Groundhogs, also known as land beavers, woodchucks, or whistlepigs, are large rodents, of the marmot group. Because they burrow extensively, and because they subsist primarily on vegetation, they are considered a major garden pest. A family of groundhogs can easily destroy a food crop if left alone, so it is important to get rid of groundhogs as soon as it becomes apparent there is an infestation.
There are a handful of different ways to get rid of groundhogs, and nearly every gardener has their preferred method or collection of legends about how best to deal with the creatures. Some people wish to get rid of groundhogs in the most humane way possible, without killing them, while others just want to get rid of them quickly and efficiently. Some ways are more effective than others, as well, and it is important to keep a lookout for a resurgence of the groundhog population after you deal with it the first time.
If you’re not too concerned about using chemicals in your quest to get rid of groundhogs in your garden, using ammonia is a fast-acting, relatively humane way to go about moving the creatures. Although it sounds fairly brutal, if handled correctly it will eliminate the groundhog population without killing them at all. It works simply by making their burrows distasteful to them, so that they migrate on their own to a new patch of land, far from your garden.
To do it, you’ll want to wait until spring or summer, when the days are sunny and temperate, otherwise no matter how bad it gets the animals won’t want to leave their burrows. Then, buy some sudsy or cloudy ammonia from a store, and pour a great deal of it into a burrow. If you can’t find sudsy ammonia, you can make your own by adding eight parts ammonia to one part water to two spoonfuls of detergent and mixing it. Once the ammonia permeates the burrow the groundhogs will leave within a day or so, providing they have no young. If they do have children, they will first find a replacement burrow, then come back for the young, and then leave, which can take a few days.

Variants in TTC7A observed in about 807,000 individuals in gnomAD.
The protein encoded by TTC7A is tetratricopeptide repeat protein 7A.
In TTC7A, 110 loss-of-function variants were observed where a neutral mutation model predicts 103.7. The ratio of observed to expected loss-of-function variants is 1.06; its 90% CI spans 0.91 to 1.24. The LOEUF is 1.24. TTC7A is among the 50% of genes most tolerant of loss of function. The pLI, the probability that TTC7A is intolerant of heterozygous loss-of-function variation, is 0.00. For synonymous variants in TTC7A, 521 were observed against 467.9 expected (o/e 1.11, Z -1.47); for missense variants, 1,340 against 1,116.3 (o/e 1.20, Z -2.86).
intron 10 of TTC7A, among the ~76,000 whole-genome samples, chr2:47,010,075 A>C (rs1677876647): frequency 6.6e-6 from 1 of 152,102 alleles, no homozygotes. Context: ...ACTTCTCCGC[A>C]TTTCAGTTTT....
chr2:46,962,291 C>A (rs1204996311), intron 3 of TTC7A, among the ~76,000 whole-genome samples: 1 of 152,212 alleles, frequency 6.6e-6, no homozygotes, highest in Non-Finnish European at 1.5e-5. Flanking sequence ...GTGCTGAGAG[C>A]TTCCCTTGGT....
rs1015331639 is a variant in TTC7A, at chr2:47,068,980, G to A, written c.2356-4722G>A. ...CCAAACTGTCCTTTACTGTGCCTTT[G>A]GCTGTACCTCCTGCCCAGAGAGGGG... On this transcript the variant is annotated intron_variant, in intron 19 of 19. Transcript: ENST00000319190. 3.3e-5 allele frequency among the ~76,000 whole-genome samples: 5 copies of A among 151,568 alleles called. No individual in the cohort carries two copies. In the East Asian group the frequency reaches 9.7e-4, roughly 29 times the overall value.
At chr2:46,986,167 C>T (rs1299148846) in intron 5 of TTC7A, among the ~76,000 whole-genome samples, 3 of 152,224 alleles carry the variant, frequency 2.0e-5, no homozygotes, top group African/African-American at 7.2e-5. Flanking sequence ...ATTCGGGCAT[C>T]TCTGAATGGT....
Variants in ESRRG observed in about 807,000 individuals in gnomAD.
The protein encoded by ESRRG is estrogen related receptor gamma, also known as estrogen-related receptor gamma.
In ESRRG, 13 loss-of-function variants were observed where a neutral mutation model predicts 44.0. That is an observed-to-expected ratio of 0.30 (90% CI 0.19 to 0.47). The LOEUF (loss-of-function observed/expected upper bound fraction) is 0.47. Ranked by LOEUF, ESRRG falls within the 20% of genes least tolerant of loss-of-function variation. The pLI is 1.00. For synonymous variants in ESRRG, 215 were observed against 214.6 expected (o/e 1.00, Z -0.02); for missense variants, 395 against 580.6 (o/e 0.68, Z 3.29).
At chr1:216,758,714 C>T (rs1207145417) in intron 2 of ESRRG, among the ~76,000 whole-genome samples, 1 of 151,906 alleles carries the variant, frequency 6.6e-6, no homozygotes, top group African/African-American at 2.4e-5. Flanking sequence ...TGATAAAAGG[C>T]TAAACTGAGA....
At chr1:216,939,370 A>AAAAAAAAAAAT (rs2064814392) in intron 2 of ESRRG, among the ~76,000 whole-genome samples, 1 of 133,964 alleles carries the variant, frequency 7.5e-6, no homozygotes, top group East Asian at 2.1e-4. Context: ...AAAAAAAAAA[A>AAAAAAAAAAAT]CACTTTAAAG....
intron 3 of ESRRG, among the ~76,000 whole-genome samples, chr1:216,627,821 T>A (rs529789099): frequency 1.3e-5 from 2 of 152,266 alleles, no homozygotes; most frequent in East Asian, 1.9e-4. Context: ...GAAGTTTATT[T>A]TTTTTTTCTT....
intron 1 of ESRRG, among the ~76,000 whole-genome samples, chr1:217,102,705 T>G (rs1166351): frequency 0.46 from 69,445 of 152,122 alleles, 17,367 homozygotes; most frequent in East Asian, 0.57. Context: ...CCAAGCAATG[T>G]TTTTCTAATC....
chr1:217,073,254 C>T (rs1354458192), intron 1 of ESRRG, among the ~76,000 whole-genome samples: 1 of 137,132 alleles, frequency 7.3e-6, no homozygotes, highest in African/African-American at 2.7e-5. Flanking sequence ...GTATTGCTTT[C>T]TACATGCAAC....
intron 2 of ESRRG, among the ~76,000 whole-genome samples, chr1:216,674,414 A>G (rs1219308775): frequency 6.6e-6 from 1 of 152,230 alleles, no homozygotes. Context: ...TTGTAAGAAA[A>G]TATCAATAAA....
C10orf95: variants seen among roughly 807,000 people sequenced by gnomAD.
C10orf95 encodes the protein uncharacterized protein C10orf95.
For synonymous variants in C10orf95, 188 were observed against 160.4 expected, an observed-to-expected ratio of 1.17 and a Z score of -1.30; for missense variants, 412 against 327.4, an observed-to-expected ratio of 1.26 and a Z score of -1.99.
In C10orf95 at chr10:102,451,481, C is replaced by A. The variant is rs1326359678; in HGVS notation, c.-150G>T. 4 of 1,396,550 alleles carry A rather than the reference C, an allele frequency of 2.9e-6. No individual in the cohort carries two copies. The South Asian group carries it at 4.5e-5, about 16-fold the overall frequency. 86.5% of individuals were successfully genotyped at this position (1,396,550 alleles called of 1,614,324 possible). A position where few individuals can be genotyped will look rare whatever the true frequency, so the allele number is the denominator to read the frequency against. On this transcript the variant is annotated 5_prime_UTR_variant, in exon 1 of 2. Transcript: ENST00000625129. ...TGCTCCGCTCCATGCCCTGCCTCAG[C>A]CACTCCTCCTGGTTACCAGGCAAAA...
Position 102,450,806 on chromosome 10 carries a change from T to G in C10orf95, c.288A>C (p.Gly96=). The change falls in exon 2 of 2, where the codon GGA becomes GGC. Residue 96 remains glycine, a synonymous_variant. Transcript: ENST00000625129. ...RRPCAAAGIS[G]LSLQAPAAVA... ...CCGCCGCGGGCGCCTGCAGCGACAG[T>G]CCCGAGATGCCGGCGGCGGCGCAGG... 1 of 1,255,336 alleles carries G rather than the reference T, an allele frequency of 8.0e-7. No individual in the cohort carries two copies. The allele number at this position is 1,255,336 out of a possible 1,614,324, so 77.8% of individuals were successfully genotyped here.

Using a safe trap of some sort is another humane, less toxic, way to get rid of groundhogs. They are fairly smart animals, so you’ll have to be patient, but within a few days you should begin catching groundhogs, and within a week or so you can relocate an entire population. To begin with, you’ll want to leave the trap open and unset, with small amounts of food in it. This lets the groundhogs get used to the idea of a safe meal, and since the traps can sometimes take a while to be triggered, it means they’ll spend plenty of time in it. After a few days of this, set the trap, and you should catch your groundhog. Cover the cage with a blanket, and relocate the animal far away, just leaving the cage open for it to wander out of. Repeat this tactic until all of the groundhogs are gone.
You can also use fumigation canisters, or use lethal traps or a gun to eliminate a groundhog population. All three of these methods may be illegal in some areas, so it’s important to check with a local conservation association or fish and game office, to make sure you aren’t breaking any laws. Of these, shooting the animals is the preferred method of control, but care must be taken that local hunting laws aren’t being broken.